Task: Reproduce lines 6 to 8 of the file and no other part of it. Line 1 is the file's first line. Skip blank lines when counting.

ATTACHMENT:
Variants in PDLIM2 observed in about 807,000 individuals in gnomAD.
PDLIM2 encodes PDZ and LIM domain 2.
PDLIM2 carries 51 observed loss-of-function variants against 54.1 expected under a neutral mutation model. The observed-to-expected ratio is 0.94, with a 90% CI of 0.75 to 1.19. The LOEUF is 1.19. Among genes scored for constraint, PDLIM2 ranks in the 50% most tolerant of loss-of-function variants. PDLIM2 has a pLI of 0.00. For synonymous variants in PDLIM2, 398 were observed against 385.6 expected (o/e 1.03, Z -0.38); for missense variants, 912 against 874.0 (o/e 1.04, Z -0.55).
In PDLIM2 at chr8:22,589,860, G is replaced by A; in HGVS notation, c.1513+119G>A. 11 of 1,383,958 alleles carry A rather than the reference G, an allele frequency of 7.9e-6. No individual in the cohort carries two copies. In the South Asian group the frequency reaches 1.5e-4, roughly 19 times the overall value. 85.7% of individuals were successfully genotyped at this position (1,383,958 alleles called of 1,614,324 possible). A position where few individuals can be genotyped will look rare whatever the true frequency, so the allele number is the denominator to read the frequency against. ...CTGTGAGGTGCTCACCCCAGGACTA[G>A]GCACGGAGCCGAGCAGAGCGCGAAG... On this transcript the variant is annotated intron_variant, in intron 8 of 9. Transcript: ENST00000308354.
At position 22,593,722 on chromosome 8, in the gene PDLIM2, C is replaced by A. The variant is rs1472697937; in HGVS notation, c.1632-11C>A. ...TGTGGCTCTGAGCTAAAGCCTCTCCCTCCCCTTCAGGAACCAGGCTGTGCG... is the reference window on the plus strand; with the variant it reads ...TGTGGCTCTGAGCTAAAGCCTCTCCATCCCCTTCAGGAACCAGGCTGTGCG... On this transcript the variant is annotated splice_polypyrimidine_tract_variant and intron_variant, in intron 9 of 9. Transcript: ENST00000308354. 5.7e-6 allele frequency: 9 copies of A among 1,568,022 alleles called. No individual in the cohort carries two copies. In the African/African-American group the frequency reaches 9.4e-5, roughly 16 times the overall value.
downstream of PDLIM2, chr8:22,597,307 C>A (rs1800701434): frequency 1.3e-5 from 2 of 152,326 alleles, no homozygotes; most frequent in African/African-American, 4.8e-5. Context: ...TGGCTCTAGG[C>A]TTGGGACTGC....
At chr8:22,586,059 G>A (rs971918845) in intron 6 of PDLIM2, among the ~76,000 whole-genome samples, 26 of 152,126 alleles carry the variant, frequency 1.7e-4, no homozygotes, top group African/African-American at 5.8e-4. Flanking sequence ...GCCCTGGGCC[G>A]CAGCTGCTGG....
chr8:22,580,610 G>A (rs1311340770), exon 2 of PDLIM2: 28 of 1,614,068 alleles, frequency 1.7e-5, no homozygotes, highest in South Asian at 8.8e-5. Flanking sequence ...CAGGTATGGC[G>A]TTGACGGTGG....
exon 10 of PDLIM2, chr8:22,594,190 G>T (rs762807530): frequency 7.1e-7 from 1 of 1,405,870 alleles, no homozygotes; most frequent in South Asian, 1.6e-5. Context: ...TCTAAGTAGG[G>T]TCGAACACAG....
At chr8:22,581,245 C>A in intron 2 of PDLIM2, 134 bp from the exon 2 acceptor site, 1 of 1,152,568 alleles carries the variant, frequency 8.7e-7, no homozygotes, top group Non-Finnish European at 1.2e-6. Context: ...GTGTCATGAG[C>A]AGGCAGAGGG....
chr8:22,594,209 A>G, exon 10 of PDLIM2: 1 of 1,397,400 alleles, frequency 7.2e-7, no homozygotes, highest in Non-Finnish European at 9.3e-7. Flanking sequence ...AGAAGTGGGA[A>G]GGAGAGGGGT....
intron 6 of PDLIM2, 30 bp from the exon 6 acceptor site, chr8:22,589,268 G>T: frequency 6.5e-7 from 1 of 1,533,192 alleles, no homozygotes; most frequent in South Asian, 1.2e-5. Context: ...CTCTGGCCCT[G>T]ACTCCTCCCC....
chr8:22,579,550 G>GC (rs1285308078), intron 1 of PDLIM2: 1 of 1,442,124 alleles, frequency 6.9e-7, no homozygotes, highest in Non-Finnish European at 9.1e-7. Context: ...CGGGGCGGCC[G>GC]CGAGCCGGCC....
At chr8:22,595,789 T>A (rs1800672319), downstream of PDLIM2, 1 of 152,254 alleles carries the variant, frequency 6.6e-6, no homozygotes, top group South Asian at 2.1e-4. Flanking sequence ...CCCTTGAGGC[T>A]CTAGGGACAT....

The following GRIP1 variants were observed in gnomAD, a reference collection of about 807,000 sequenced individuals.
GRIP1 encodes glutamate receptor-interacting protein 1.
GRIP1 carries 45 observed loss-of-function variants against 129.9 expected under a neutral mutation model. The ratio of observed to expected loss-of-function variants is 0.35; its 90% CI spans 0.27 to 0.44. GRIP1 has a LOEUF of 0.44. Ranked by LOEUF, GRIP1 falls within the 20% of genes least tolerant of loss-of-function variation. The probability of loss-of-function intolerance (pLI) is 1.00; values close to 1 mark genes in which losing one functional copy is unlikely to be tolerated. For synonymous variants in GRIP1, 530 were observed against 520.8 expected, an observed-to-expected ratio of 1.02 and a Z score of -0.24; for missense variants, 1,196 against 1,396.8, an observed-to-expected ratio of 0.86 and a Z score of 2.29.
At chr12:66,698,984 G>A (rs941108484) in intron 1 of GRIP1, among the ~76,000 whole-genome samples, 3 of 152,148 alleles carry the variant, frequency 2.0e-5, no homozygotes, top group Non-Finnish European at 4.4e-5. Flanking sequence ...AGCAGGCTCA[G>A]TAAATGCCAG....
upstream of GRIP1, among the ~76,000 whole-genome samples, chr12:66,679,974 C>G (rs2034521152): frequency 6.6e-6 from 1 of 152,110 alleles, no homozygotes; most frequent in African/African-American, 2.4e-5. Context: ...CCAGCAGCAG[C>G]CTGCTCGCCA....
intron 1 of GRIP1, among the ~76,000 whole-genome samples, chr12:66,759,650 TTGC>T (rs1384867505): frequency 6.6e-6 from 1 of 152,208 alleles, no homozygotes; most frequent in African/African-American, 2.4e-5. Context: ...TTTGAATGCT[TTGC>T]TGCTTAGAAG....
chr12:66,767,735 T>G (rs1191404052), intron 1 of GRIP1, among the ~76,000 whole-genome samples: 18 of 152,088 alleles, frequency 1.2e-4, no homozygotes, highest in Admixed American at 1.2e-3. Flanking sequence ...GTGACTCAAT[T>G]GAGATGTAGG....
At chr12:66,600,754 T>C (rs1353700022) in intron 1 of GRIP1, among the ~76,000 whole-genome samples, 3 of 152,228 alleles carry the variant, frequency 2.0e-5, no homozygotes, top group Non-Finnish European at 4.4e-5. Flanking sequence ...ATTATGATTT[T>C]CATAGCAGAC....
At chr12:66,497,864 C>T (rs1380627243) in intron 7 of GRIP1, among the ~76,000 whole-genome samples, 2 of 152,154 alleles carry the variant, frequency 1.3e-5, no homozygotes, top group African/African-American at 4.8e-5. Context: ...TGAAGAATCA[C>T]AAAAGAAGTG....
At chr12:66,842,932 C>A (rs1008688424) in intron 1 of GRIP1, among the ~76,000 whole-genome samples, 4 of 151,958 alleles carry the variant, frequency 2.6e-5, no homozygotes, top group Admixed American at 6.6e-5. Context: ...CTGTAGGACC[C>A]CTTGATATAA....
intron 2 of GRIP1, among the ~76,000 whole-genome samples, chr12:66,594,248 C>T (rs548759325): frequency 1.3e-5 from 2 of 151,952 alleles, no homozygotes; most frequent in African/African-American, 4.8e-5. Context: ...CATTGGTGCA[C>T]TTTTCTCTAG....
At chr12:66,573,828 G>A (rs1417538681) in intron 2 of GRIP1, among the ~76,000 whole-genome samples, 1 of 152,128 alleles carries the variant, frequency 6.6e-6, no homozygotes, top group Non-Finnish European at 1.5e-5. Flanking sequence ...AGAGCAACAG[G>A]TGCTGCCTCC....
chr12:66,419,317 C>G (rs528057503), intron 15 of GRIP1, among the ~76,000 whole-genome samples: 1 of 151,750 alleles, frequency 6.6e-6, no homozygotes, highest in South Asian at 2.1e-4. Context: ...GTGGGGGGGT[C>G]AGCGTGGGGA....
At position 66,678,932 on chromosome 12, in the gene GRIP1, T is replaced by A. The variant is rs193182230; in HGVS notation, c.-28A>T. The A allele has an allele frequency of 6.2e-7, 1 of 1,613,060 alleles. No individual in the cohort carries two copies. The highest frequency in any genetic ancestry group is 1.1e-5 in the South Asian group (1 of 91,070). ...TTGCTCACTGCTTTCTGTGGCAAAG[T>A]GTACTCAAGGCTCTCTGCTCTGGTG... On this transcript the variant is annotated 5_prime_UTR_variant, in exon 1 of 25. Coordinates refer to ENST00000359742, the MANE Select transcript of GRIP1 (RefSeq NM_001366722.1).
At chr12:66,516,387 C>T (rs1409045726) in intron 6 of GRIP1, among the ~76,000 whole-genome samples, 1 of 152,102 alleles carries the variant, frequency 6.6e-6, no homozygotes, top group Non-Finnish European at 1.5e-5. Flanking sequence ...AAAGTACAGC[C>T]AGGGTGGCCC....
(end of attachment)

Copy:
downstream of PDLIM2, chr8:22,597,307 C>A (rs1800701434): frequency 1.3e-5 from 2 of 152,326 alleles, no homozygotes; most frequent in African/African-American, 4.8e-5. Context: ...TGGCTCTAGG[C>A]TTGGGACTGC....
At chr8:22,586,059 G>A (rs971918845) in intron 6 of PDLIM2, among the ~76,000 whole-genome samples, 26 of 152,126 alleles carry the variant, frequency 1.7e-4, no homozygotes, top group African/African-American at 5.8e-4. Flanking sequence ...GCCCTGGGCC[G>A]CAGCTGCTGG....
chr8:22,580,610 G>A (rs1311340770), exon 2 of PDLIM2: 28 of 1,614,068 alleles, frequency 1.7e-5, no homozygotes, highest in South Asian at 8.8e-5. Flanking sequence ...CAGGTATGGC[G>A]TTGACGGTGG....